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Author Topic: Things that make you go WTF? MkII  (Read 65197 times)
MWBailey
Rogue Ætherlord
*
United States United States


"This is the sort of thing no-one ever believes"

rtafStElmo
« Reply #1025 on: May 23, 2020, 03:24:20 pm »

In other, largely insignificant news, my favorite longsleeved shirt has developed a hole in the left elbow. Trying to decide whether to patch it or darn it, but it's only been six months since i bought it! W the actual F?!
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Walk softly and carry a big banjo...

""quid statis aspicientes in infernum"
SeVeNeVeS
Immortal
**
England England



« Reply #1026 on: May 23, 2020, 04:14:27 pm »

Hmmmm, see I was brought up in the early 60's, 2 eggs in a mug topped with full fat milk beaten with a fork, the milk makes it fluff up and makes it appear bigger and shoved between 2 slices of bread fills yer tummy.

Beef dripping on toast, covered with salt was another regular.

Raw bacon rind was considered a treat.

Then we found the first Vesta chow mein in the 70's. A monthly grand feast.

Welcome to the new world.........

Uuum, as for coffee, I'm an out of the jar, instant man myself, In France years ago I had the most intense coffee experience from the smallest of cups........... Strong to say the least.

« Last Edit: May 23, 2020, 04:29:12 pm by SeVeNeVeS » Logged

Banfili
Zeppelin Admiral
******
Australia Australia



« Reply #1027 on: May 23, 2020, 11:43:25 pm »

There are some people out there who can't even boil water, let alone an egg! And as for a nice omelette ....!

My dad taught all three of we kids how to cook basics, so at least we wouldn't starve while he was away working, and two of us took to to it like ducks to water, and even my older brother cooks for himself now, and keeps his little flat nice! Wasn't always the way. My younger brother is chef quality, and I'm a pretty good cook. The cooking gene is strong in my dad's side of the family - a bit like the force! And as for coffee ... has to be pretty good to pass the test!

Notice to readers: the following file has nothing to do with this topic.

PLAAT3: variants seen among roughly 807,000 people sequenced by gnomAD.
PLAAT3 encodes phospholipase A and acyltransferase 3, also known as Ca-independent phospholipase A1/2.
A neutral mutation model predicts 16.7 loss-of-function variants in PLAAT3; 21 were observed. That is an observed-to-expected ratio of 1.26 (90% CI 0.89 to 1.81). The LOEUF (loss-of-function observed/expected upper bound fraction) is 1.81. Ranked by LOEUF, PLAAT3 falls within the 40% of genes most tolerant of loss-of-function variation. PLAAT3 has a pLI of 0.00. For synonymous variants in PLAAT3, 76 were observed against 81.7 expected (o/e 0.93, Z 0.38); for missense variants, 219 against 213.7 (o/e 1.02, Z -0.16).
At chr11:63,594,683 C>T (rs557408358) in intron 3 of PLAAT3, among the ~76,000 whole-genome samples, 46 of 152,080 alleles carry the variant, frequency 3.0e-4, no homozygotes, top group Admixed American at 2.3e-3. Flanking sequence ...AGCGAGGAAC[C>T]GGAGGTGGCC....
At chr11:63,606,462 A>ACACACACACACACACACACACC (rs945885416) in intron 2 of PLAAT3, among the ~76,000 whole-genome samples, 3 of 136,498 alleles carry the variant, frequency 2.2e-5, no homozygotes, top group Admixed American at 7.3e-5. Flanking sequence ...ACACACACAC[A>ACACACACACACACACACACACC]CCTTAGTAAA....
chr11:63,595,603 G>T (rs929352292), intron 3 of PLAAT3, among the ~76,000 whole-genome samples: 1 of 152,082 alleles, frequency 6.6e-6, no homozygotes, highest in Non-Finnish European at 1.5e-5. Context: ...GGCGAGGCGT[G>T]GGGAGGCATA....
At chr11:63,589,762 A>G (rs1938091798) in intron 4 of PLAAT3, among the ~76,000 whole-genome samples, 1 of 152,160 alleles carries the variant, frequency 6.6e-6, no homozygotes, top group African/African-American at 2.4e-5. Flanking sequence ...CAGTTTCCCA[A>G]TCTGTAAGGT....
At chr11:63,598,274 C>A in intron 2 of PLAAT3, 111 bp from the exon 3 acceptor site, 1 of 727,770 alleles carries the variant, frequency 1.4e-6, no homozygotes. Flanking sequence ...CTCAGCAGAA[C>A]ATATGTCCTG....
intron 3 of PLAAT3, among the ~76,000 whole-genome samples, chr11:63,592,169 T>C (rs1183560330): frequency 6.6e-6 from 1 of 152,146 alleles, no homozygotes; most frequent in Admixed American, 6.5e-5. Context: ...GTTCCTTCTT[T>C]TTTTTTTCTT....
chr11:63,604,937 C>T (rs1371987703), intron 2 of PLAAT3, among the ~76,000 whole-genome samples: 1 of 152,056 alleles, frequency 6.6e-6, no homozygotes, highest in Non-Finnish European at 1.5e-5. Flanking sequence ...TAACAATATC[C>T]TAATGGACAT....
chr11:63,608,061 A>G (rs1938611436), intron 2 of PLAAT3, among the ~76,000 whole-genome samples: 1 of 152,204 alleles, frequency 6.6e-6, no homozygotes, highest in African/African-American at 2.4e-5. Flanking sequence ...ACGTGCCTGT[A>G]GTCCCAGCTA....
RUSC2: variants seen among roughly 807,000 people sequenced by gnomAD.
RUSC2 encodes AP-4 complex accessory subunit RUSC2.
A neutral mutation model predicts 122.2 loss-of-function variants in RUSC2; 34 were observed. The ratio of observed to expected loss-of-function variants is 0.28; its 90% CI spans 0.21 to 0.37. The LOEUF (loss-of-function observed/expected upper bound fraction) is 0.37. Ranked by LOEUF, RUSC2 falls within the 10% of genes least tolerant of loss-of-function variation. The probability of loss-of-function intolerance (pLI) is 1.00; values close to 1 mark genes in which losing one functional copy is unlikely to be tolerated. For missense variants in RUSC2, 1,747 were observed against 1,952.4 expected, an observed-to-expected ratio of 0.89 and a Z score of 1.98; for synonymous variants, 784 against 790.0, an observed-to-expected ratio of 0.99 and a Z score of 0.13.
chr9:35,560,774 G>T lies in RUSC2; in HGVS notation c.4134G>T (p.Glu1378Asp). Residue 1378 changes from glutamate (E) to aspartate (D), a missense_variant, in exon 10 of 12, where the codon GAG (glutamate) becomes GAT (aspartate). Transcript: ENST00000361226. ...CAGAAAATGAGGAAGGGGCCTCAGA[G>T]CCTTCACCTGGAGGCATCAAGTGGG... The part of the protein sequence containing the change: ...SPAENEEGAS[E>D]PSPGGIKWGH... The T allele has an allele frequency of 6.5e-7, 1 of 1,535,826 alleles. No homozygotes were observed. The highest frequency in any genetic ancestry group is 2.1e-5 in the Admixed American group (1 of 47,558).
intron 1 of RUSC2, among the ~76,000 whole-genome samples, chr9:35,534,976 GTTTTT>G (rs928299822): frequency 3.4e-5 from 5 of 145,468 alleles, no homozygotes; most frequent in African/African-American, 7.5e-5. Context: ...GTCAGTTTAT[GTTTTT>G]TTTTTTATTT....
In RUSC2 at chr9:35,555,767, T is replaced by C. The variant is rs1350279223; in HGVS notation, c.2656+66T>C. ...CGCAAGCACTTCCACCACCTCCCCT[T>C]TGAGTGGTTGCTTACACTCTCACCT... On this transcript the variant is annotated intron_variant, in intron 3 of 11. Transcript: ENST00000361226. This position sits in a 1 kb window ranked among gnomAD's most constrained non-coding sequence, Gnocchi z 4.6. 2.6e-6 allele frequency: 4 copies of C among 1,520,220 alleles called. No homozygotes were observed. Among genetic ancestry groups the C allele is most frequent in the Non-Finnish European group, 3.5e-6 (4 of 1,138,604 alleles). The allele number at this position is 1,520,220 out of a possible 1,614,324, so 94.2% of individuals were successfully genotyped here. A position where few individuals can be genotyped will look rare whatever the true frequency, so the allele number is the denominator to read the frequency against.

And speaking of ... I just may go and make myself a cheese omelette for breakfast, and coffee!
« Last Edit: May 23, 2020, 11:57:58 pm by Banfili » Logged
Darkhound
Zeppelin Admiral
******
United States United States



« Reply #1028 on: May 24, 2020, 12:44:22 pm »

In my Junior High School (@12-14 year olds), every boy took a course called Domestic Survival. Grocery shopping, simple cooking, basic ssewing repairs for thick-fingered batchelors, etc. I have been grateful for this many times!
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"Stupidity is a curse with which even the Gods struggle in vain. Ignorance we can fix."
Sorontar
Zeppelin Admiral
******
Australia Australia


All ideas should have wings


WWW
« Reply #1029 on: May 24, 2020, 01:12:51 pm »

In junior high school, we had to do a subject called home economics. The only numbers it discussed was how much flour in the recipe, how many calories per serving and how many wads of dough can you throw onto the ceiling when the teacher isn't watching.

What they should have been teaching us was how the taxation and electorial systems worked so we could fill out our own taxation reports and understand how to elect a politician (and minimise the chances of the rival getting elected). Both are skills that most Aussies have to use (by law). We have to pay tax and vote! Instead they thought they better focus on teaching us how to cook.

Sorontar
who also had to do typing, technical drawing, needlework, metalwork and woodwork, of which the needlework has been most beneficial over the years for costumes.
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Sorontar, Captain of 'The Aethereal Dancer'
Advisor to HM Engineers on matters aethereal, aeronautic and cosmographic